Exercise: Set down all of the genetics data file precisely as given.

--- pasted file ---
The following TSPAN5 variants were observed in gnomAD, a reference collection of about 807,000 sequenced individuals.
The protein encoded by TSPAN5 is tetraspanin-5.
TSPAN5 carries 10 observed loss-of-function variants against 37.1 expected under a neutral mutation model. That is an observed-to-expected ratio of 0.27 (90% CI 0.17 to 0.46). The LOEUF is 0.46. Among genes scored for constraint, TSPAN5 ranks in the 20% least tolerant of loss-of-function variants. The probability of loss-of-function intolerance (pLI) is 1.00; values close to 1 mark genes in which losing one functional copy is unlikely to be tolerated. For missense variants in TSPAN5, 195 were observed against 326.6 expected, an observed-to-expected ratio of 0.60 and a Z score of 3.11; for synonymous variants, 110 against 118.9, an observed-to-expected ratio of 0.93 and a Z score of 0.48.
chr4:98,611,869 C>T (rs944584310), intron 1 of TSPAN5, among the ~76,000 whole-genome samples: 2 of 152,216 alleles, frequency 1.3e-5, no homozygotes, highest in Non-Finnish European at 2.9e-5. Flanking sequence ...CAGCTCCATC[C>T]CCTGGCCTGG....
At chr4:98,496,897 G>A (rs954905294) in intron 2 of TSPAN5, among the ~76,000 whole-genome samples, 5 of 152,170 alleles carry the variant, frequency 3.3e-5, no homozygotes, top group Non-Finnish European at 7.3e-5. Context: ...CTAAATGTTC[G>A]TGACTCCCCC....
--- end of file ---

The following TSPAN5 variants were observed in gnomAD, a reference collection of about 807,000 sequenced individuals.
The protein encoded by TSPAN5 is tetraspanin-5.
TSPAN5 carries 10 observed loss-of-function variants against 37.1 expected under a neutral mutation model. That is an observed-to-expected ratio of 0.27 (90% CI 0.17 to 0.46). The LOEUF is 0.46. Among genes scored for constraint, TSPAN5 ranks in the 20% least tolerant of loss-of-function variants. The probability of loss-of-function intolerance (pLI) is 1.00; values close to 1 mark genes in which losing one functional copy is unlikely to be tolerated. For missense variants in TSPAN5, 195 were observed against 326.6 expected, an observed-to-expected ratio of 0.60 and a Z score of 3.11; for synonymous variants, 110 against 118.9, an observed-to-expected ratio of 0.93 and a Z score of 0.48.
chr4:98,611,869 C>T (rs944584310), intron 1 of TSPAN5, among the ~76,000 whole-genome samples: 2 of 152,216 alleles, frequency 1.3e-5, no homozygotes, highest in Non-Finnish European at 2.9e-5. Flanking sequence ...CAGCTCCATC[C>T]CCTGGCCTGG....
At chr4:98,496,897 G>A (rs954905294) in intron 2 of TSPAN5, among the ~76,000 whole-genome samples, 5 of 152,170 alleles carry the variant, frequency 3.3e-5, no homozygotes, top group Non-Finnish European at 7.3e-5. Context: ...CTAAATGTTC[G>A]TGACTCCCCC....